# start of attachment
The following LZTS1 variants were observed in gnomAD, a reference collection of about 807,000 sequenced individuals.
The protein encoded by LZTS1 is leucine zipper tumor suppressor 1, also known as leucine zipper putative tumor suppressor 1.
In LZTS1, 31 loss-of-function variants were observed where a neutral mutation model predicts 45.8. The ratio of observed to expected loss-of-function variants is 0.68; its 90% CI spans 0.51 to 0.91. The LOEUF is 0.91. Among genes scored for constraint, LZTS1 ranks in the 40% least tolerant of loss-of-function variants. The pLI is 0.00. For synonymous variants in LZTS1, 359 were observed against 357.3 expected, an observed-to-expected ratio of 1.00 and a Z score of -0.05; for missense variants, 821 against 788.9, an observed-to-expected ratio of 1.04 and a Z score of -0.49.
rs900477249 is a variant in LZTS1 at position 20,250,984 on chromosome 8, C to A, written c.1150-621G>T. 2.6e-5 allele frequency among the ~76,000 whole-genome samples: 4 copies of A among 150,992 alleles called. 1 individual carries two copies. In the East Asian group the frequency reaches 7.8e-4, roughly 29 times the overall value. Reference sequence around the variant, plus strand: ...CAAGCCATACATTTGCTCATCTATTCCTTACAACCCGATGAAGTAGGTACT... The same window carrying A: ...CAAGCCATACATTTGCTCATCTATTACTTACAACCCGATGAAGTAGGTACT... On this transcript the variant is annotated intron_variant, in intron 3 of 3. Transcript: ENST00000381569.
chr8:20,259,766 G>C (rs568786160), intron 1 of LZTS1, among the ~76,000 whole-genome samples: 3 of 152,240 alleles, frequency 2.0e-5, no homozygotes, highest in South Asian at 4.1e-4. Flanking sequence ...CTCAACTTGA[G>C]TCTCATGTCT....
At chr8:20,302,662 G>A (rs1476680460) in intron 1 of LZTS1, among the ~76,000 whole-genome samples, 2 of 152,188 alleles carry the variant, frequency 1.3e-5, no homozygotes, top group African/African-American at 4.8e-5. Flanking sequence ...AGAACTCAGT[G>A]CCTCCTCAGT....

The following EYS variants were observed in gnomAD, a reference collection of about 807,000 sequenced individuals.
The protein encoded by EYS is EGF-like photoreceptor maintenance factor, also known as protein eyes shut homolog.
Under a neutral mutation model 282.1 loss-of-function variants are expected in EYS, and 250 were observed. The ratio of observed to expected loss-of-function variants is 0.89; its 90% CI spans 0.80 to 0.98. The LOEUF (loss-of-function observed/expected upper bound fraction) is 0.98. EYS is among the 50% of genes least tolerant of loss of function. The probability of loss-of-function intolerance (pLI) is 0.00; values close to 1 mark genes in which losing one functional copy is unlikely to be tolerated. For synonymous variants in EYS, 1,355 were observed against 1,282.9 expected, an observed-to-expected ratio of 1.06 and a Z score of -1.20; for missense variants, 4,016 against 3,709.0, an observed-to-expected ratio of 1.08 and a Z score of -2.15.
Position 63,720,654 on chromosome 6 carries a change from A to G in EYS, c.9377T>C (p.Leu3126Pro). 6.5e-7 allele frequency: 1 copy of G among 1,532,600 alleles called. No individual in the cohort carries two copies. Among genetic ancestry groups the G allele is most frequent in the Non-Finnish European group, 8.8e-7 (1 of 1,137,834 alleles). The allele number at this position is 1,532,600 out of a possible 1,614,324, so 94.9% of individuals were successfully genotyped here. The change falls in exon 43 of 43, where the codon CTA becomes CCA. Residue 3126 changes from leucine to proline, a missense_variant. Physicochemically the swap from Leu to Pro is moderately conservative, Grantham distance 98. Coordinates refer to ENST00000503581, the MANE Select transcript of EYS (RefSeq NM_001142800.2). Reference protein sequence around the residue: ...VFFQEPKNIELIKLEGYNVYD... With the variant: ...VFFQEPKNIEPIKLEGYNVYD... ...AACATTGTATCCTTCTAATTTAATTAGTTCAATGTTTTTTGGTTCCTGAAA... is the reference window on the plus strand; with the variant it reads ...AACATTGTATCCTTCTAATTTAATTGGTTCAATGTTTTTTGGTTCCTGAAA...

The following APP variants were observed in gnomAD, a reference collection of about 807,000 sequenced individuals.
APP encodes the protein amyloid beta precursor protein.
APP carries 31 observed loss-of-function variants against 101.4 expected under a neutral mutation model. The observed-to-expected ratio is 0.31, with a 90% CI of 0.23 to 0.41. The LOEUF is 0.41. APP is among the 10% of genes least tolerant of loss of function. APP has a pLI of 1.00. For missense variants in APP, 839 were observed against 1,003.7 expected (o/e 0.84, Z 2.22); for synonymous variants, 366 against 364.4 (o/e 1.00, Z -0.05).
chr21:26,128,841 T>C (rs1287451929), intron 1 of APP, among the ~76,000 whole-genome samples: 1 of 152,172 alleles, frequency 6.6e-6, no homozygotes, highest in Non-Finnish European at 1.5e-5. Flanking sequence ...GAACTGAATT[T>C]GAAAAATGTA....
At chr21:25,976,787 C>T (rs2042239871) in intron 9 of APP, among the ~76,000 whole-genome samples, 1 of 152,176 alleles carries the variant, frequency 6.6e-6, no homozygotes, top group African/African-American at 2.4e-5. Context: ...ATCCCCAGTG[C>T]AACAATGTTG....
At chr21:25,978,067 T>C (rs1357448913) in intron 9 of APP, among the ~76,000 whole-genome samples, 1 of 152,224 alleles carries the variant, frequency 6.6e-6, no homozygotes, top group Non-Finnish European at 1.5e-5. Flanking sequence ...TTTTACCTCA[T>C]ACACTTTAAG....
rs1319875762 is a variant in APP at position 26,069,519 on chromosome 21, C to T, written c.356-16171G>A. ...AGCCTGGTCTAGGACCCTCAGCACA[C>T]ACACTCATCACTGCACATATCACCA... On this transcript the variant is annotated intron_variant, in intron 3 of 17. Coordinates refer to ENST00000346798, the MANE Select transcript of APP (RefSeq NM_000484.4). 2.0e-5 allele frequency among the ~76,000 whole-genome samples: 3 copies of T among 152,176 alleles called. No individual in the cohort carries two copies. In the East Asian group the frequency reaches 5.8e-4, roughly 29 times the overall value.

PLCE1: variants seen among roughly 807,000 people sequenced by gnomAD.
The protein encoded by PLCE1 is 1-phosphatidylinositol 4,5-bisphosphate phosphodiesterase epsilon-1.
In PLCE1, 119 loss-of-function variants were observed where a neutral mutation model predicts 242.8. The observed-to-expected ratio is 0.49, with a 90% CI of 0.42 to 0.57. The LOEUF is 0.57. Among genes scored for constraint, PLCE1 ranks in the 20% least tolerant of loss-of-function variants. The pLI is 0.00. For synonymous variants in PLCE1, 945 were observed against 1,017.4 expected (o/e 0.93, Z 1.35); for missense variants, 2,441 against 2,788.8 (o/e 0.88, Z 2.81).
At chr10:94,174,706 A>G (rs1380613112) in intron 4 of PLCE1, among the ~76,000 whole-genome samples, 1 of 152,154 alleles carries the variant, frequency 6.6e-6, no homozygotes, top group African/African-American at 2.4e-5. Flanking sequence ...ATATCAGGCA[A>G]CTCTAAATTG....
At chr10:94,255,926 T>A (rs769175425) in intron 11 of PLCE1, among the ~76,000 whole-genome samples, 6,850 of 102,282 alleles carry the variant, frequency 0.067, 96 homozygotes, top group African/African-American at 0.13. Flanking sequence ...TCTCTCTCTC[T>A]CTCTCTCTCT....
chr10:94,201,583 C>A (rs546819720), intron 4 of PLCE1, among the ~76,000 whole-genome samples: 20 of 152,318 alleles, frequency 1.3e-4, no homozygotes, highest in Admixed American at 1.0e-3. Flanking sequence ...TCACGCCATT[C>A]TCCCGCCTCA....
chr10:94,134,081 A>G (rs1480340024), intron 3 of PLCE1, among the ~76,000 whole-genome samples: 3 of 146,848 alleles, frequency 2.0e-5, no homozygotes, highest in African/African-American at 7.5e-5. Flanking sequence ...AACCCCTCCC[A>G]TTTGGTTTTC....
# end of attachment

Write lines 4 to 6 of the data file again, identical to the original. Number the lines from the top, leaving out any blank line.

rs900477249 is a variant in LZTS1 at position 20,250,984 on chromosome 8, C to A, written c.1150-621G>T. 2.6e-5 allele frequency among the ~76,000 whole-genome samples: 4 copies of A among 150,992 alleles called. 1 individual carries two copies. In the East Asian group the frequency reaches 7.8e-4, roughly 29 times the overall value. Reference sequence around the variant, plus strand: ...CAAGCCATACATTTGCTCATCTATTCCTTACAACCCGATGAAGTAGGTACT... The same window carrying A: ...CAAGCCATACATTTGCTCATCTATTACTTACAACCCGATGAAGTAGGTACT... On this transcript the variant is annotated intron_variant, in intron 3 of 3. Transcript: ENST00000381569.
chr8:20,259,766 G>C (rs568786160), intron 1 of LZTS1, among the ~76,000 whole-genome samples: 3 of 152,240 alleles, frequency 2.0e-5, no homozygotes, highest in South Asian at 4.1e-4. Flanking sequence ...CTCAACTTGA[G>C]TCTCATGTCT....
At chr8:20,302,662 G>A (rs1476680460) in intron 1 of LZTS1, among the ~76,000 whole-genome samples, 2 of 152,188 alleles carry the variant, frequency 1.3e-5, no homozygotes, top group African/African-American at 4.8e-5. Flanking sequence ...AGAACTCAGT[G>A]CCTCCTCAGT....